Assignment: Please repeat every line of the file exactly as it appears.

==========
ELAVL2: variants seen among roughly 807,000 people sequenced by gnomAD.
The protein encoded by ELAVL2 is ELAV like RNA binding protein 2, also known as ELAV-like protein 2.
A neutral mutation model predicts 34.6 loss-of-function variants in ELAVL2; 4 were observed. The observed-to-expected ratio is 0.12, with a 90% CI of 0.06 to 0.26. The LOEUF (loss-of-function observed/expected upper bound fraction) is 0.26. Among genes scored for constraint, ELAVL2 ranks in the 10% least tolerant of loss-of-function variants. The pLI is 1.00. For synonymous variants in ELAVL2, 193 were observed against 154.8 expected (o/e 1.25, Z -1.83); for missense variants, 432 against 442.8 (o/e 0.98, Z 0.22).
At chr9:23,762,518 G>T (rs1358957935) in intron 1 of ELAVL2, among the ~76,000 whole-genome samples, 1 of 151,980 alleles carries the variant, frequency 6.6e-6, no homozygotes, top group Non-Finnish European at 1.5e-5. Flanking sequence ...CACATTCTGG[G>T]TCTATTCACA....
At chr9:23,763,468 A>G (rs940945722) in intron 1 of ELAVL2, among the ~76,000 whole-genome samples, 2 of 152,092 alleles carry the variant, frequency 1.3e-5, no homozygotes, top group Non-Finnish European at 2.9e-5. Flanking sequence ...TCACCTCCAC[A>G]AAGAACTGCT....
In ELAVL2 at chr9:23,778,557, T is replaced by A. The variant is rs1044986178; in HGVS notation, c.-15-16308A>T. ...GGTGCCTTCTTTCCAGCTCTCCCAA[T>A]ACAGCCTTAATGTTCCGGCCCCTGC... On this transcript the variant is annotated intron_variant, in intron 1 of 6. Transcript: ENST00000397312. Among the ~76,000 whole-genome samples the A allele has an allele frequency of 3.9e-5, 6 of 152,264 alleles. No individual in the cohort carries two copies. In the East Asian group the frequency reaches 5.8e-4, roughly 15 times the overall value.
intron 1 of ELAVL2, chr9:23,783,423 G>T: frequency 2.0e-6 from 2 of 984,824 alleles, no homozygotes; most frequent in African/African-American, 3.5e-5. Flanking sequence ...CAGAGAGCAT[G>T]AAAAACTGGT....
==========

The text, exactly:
ELAVL2: variants seen among roughly 807,000 people sequenced by gnomAD.
The protein encoded by ELAVL2 is ELAV like RNA binding protein 2, also known as ELAV-like protein 2.
A neutral mutation model predicts 34.6 loss-of-function variants in ELAVL2; 4 were observed. The observed-to-expected ratio is 0.12, with a 90% CI of 0.06 to 0.26. The LOEUF (loss-of-function observed/expected upper bound fraction) is 0.26. Among genes scored for constraint, ELAVL2 ranks in the 10% least tolerant of loss-of-function variants. The pLI is 1.00. For synonymous variants in ELAVL2, 193 were observed against 154.8 expected (o/e 1.25, Z -1.83); for missense variants, 432 against 442.8 (o/e 0.98, Z 0.22).
At chr9:23,762,518 G>T (rs1358957935) in intron 1 of ELAVL2, among the ~76,000 whole-genome samples, 1 of 151,980 alleles carries the variant, frequency 6.6e-6, no homozygotes, top group Non-Finnish European at 1.5e-5. Flanking sequence ...CACATTCTGG[G>T]TCTATTCACA....
At chr9:23,763,468 A>G (rs940945722) in intron 1 of ELAVL2, among the ~76,000 whole-genome samples, 2 of 152,092 alleles carry the variant, frequency 1.3e-5, no homozygotes, top group Non-Finnish European at 2.9e-5. Flanking sequence ...TCACCTCCAC[A>G]AAGAACTGCT....
In ELAVL2 at chr9:23,778,557, T is replaced by A. The variant is rs1044986178; in HGVS notation, c.-15-16308A>T. ...GGTGCCTTCTTTCCAGCTCTCCCAA[T>A]ACAGCCTTAATGTTCCGGCCCCTGC... On this transcript the variant is annotated intron_variant, in intron 1 of 6. Transcript: ENST00000397312. Among the ~76,000 whole-genome samples the A allele has an allele frequency of 3.9e-5, 6 of 152,264 alleles. No individual in the cohort carries two copies. In the East Asian group the frequency reaches 5.8e-4, roughly 15 times the overall value.
intron 1 of ELAVL2, chr9:23,783,423 G>T: frequency 2.0e-6 from 2 of 984,824 alleles, no homozygotes; most frequent in African/African-American, 3.5e-5. Flanking sequence ...CAGAGAGCAT[G>T]AAAAACTGGT....